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Use of Anion Exchange Resin Bed Downstream of Mixed Bed to Remove Oxidation Products from Process Stream

IP.com Disclosure Number: IPCOM000178225D
Publication Date: 2009-Jan-20
Document File: 1 page(s) / 23K

Publishing Venue

The IP.com Prior Art Database

Abstract

Cation exchange resins are useful in a wide range of water treatment applications including water deionization (âcondensate polishingâ) of power plant boilers. Examples of such applications include within the steam or secondary cooling circuit of pressurized water reactors (PWR) and boiling water reactors (BWR). Unfortunately, cation exchange resins decompose (e.g. oxidize) over time and release organic and inorganic impurities (âleachablesâ) into the process stream. Such decomposition products include various sulfate and sulfonated species (e.g. polystyrene sulfonic acid). While the problems associated with leachables eluting from the cation exchange resin are common to all condensate polishing applications, they can be more of a concern in PWR and BWR applications.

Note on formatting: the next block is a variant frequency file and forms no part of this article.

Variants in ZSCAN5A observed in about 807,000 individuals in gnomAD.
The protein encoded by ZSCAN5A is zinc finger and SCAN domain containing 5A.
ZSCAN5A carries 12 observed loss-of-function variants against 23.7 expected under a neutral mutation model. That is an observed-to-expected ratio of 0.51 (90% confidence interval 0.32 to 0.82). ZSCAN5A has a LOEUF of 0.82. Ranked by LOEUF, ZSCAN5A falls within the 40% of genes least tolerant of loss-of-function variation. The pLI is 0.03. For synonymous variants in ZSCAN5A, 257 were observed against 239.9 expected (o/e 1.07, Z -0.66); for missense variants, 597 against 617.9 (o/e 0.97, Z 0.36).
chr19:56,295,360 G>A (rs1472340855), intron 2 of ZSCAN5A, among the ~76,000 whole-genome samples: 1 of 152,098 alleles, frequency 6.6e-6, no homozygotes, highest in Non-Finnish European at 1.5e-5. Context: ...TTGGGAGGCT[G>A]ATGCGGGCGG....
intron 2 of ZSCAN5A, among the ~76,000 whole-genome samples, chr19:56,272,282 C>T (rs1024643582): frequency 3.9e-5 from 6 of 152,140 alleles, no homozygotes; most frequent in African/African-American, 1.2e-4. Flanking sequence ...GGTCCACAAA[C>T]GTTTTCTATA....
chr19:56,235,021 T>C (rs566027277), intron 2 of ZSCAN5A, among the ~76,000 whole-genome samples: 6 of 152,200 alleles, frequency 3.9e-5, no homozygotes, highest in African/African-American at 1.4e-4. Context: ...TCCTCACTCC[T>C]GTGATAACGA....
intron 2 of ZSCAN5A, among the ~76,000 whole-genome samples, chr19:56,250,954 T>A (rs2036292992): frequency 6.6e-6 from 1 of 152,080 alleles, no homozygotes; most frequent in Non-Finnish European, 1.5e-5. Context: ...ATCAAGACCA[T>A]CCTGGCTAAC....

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Use of Anion Exchange Resin Bed Downstream of Mixed Bed

 to Remove Oxidation Products from Process Stream

 

Cation exchange resins are useful in a wide range of water treatment applications including water deionization (“condensate polishing”) of power plant boilers.  Examples of such applications include within the steam or secondary cooling circuit of pressurized water reactors (PWR) and boiling water reactors (BWR).  Unfortunately, cation exchange resins decompose (e.g. oxidize) over time and release organic and inorganic impurities (“leachables”) into the process stream.  Such decomposition products include various sulfate and sulfonated species (e.g. polystyrene sulfonic acid).  While the problems associated with leachables eluting from the cation exchange resin are common to all condensate polishing applications, they can be more of a concern in PWR and BWR applications.

Various techniques have been used to limit or mitigate the effect of leachables from cation exchange resins, including the use of higher crosslinked cation exchange resin, (see JP 08-224579, JP 09-184899, JP 3687829; and the use of antioxidants (see JP 2517411. Other techniques include positioning a layer of anion exchange resin downstream from the cation exchange resin.  This may be accomplished by including a distinct layer (“under layer”) anion exchange resin within the same bed as the cation exchange resin or mixed bed, e.g....